• In my case, two sheets of plywood were joined near the centre of the floor and one was about 1/8” higher than the other so I had to trim the high one down with a chisel.
  • I had to use scraper and a lot of elbow grease to remove the old glue that held the linoleum floor down.
  • I sanded the clean floor with 60 grit sandpaper.
  • It took me about 2 hours to fix all of the imperfections

4)    Measure the space to be tiled.

5)    Cut the Meranti plywood to fit the space to be tiled.

  • In my case, the area to be tiled was smaller than one sheet.
  • If you were doing a space larger, I would suggest doing the area in 4’x8’ sheets and then filling in the spaces between the sheets after laying the floor down.
  • This took me about 15 minutes to measure and cut.

6)    Layout a grid pattern on the Meranti plywood.

  • In one direction, I spaced my lines ¾” apart while in the other direction I spaced them 7/8” apart; doing so produced a perfect spacing for the pennies when they were staggered – in one column the pennies were inside the square while in the next column the pennies startled two squares).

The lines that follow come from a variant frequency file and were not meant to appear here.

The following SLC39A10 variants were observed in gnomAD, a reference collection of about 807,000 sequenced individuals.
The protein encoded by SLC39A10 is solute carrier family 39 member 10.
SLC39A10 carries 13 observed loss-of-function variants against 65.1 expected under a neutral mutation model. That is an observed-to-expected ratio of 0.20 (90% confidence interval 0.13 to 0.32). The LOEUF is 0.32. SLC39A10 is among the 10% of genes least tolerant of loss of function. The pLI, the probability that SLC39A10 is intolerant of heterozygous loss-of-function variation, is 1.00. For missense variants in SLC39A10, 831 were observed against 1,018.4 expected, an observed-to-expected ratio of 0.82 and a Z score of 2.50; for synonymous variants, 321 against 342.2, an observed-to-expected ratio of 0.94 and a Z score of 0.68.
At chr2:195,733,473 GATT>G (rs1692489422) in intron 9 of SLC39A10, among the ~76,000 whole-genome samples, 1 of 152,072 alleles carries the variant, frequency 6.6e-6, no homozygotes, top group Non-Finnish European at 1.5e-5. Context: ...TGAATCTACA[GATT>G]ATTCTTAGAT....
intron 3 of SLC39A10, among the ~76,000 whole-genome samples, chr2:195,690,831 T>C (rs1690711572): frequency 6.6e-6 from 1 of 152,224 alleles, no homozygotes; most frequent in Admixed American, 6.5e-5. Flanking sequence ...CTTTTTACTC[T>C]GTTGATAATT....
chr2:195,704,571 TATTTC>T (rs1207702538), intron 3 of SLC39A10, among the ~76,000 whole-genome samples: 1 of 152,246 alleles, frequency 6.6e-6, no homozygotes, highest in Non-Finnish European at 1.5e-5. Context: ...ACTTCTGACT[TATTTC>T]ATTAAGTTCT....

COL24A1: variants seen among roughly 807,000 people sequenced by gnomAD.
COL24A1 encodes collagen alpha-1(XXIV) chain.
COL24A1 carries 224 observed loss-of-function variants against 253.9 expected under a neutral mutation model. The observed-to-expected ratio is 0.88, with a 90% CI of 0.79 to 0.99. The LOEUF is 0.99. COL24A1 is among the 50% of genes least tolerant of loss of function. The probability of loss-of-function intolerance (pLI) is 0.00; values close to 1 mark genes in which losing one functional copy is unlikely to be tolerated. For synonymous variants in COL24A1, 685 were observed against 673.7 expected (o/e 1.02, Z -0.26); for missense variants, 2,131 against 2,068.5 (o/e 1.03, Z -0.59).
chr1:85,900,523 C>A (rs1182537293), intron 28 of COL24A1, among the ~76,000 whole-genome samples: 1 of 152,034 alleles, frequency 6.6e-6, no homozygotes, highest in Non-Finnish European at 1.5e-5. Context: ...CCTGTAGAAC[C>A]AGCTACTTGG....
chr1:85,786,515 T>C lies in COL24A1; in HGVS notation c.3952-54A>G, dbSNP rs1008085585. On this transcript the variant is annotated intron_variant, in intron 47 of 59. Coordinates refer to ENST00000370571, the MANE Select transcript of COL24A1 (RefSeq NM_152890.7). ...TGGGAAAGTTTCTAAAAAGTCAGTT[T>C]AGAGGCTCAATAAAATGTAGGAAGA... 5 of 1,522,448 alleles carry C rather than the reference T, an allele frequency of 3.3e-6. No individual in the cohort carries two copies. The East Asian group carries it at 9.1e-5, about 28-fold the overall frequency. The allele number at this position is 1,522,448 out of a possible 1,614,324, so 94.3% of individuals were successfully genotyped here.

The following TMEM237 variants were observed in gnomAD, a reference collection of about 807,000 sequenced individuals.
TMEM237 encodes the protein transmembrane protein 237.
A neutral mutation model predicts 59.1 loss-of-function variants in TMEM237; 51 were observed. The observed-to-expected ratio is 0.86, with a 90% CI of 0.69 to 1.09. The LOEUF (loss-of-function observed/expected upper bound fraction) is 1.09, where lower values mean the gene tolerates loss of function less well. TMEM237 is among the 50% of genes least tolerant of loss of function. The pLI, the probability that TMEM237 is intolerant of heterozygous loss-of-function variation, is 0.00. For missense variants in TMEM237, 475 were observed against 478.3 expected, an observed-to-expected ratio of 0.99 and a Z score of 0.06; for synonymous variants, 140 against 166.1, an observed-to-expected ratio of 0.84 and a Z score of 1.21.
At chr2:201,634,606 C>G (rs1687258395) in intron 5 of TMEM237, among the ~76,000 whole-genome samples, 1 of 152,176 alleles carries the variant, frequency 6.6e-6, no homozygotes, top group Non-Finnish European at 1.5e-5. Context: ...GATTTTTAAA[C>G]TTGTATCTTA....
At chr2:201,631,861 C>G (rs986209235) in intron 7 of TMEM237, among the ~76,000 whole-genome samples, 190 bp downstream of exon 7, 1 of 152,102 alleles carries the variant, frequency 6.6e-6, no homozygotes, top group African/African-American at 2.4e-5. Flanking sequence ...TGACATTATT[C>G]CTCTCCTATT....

• It took me about 45 minutes to layout the grid pattern.

7)    Glue the pennies to the Meranti plywood.

  • I placed the Meranti plywood atop my dining room table so that I could sit comfortably and glue down the pennies.
  • I put a small dollop of hot glue on the underside of each penny and pressed them firmly in place.
  • I did not discriminate with my pennies except if they showed considerable staining/greening or were marked up with cuts – I used Canadian pennies, American pennies, and Bermuda pennies and I oriented them face up and face down.  For a very random layout, I picked each penny from a pile of clean pennies without looking at
    it.  Then I put glue on the penny and pushed it down into place on the plywood.
  • Along the edges I used half pennies, which were created by using the tin snips to cut the pennies in half – works very well.
  • It took me about an hour to glue down about $4 worth of pennies.

8)    Apply the adhesive to the subfloor.

  • I spread the adhesive evenly across the floor using a scrap of wood.